Each account is set up with a default limit for the maximum amount of processor time a task may use. If a task runs over the limit it is terminated with the messageCputime limit exceeded
The purpose of the limit is to prevent background tasks which are left running after logout from inadvertently running "forever". Some tasks may legitimately require more cpu time than the default limit.
A temporary limit change may be made by typing at the shell (%)cpulimit 3600
Note that the "cpulimit" command is an alias defined either in your .cshrc file or in /public/cshrc.adjunct which is sourced by your .cshrc file. If you get "cpulimit: Command not found", you can add this alias to your .cshrc file and then re-login,alias cpulimit 'setenv CPU \!*; limit cpu $CPU'
"cpulimit 3600" limits subsequent tasks, in the current session, making sure they do not individually exceed 3600 seconds of processor time.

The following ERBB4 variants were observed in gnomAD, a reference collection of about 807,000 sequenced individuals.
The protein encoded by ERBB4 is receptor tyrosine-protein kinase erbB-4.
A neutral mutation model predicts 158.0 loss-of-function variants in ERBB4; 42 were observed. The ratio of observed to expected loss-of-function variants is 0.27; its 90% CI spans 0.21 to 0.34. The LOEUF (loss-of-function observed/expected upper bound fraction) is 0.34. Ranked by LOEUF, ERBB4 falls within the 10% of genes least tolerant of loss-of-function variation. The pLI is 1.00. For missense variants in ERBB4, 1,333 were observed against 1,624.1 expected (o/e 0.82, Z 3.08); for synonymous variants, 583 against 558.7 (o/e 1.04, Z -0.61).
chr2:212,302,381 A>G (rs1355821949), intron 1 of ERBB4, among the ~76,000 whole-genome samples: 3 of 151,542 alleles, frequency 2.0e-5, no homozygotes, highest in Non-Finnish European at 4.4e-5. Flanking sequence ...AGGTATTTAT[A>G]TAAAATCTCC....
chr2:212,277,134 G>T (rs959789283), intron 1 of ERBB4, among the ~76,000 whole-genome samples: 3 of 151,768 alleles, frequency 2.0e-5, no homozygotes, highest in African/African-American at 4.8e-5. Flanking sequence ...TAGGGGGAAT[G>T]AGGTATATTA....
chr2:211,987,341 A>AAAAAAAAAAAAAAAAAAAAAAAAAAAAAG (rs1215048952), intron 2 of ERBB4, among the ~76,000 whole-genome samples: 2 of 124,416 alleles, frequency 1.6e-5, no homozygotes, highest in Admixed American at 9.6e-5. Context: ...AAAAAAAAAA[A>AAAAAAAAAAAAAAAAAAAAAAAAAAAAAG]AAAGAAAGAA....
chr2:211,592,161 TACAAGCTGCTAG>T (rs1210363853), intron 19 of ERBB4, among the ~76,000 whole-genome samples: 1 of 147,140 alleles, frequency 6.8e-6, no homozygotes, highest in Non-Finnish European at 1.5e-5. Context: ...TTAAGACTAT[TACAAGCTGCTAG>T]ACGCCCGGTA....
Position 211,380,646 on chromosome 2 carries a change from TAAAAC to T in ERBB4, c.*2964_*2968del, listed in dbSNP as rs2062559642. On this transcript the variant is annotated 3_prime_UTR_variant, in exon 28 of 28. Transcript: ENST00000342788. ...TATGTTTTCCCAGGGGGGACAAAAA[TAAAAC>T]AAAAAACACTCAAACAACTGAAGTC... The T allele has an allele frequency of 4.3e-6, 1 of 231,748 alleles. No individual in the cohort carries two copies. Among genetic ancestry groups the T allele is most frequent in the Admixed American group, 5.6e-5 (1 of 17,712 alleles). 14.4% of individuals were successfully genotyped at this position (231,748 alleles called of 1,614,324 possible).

The cpu limit can be turned off altogether (not a very good idea unless you are certain that you do not have a runaway job) by typing at the shell (%)
You can change the default cpu limit for your account by adding a line like "cpulimit 3600" to the *end* of your .login and .cshrc files. [Actually only one or the other is necessary, but putting the command both places will save you the trouble of figuring out which one is appropriate for your system.]
Instructors or TAs can modify the cpu limit for all the students in a class. The technique depends on the system type and whether or not the course is set up using the OCE model. You may want to seek assistance from ACMS, but briefly, if the the course is using the OCE model, put the cpulimit command (e.g. "cpulimit 3600") in the prepfile for the course.
It is painful to have an editing session terminate due to the cputime limit, particularly if you are in visual mode. The terminal is left in a strange state where characters are not echoed, and the LINEFEED key must be used instead of RETURN. If you ever "bomb" out of visual, try (blindly) typingLINEFEED reset LINEFEED.
To avoid the possibility of running out of cpu time while editing, most accounts have an alias specified for vi which temporarily unlimits cpu time during visual editing sessions. See /public/cshrc for an example of such an alias.
For more information regarding the command "limit" see "man csh".